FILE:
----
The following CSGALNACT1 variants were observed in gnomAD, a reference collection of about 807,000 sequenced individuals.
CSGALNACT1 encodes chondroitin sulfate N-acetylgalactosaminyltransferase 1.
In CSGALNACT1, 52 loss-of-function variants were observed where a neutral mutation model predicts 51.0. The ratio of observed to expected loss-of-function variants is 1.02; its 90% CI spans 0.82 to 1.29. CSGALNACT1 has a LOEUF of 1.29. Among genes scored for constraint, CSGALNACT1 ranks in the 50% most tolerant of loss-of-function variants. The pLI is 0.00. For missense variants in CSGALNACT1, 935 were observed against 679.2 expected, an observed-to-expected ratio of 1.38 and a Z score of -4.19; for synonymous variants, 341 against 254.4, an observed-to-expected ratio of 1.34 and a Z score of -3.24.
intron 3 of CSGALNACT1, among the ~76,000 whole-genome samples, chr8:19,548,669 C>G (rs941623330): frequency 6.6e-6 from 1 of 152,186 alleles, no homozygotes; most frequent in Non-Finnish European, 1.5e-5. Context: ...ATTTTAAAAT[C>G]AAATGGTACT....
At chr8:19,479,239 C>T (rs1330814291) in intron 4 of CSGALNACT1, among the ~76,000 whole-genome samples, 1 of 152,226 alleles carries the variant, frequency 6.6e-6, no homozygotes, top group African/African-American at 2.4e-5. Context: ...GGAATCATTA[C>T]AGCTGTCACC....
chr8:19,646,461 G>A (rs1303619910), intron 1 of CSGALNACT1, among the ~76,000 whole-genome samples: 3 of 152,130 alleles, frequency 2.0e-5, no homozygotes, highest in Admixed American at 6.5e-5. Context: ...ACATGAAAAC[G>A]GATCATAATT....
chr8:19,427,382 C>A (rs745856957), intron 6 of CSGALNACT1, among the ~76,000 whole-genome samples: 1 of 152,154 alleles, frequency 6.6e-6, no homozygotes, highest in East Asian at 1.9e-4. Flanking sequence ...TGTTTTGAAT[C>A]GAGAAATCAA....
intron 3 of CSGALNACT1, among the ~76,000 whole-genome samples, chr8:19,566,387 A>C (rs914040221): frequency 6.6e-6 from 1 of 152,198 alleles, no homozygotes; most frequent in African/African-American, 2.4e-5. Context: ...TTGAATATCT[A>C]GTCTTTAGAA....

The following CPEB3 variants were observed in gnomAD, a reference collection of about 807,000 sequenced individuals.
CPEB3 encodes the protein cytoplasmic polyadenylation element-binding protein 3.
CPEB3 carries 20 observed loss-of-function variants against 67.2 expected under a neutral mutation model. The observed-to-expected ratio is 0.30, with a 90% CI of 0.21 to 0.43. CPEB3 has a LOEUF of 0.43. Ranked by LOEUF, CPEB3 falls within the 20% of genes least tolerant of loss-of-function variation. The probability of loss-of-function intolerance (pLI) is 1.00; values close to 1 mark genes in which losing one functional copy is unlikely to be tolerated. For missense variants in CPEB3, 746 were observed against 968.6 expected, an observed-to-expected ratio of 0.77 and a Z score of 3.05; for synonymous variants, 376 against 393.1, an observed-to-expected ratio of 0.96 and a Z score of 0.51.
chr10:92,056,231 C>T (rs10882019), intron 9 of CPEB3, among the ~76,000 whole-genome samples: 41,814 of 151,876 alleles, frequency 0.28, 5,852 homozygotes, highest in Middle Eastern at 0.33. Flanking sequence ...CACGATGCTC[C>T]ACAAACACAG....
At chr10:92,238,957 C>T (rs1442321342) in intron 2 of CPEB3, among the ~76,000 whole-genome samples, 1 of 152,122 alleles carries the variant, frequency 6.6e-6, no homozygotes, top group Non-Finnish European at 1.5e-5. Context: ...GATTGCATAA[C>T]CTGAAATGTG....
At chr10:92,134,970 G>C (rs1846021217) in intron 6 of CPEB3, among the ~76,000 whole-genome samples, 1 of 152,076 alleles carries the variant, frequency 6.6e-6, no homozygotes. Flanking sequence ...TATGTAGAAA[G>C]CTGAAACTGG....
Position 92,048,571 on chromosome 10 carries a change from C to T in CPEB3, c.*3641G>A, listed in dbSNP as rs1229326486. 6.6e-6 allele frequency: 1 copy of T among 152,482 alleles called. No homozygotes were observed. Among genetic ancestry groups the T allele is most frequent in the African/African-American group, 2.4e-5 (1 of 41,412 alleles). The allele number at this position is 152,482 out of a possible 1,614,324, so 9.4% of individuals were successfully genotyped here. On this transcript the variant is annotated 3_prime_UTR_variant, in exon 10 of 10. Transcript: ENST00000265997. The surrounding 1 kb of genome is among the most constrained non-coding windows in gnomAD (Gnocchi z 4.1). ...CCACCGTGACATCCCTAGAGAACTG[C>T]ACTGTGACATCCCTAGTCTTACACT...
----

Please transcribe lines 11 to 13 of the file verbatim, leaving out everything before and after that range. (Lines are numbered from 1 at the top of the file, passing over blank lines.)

CPEB3 carries 20 observed loss-of-function variants against 67.2 expected under a neutral mutation model. The observed-to-expected ratio is 0.30, with a 90% CI of 0.21 to 0.43. CPEB3 has a LOEUF of 0.43. Ranked by LOEUF, CPEB3 falls within the 20% of genes least tolerant of loss-of-function variation. The probability of loss-of-function intolerance (pLI) is 1.00; values close to 1 mark genes in which losing one functional copy is unlikely to be tolerated. For missense variants in CPEB3, 746 were observed against 968.6 expected, an observed-to-expected ratio of 0.77 and a Z score of 3.05; for synonymous variants, 376 against 393.1, an observed-to-expected ratio of 0.96 and a Z score of 0.51.
chr10:92,056,231 C>T (rs10882019), intron 9 of CPEB3, among the ~76,000 whole-genome samples: 41,814 of 151,876 alleles, frequency 0.28, 5,852 homozygotes, highest in Middle Eastern at 0.33. Flanking sequence ...CACGATGCTC[C>T]ACAAACACAG....
At chr10:92,238,957 C>T (rs1442321342) in intron 2 of CPEB3, among the ~76,000 whole-genome samples, 1 of 152,122 alleles carries the variant, frequency 6.6e-6, no homozygotes, top group Non-Finnish European at 1.5e-5. Context: ...GATTGCATAA[C>T]CTGAAATGTG....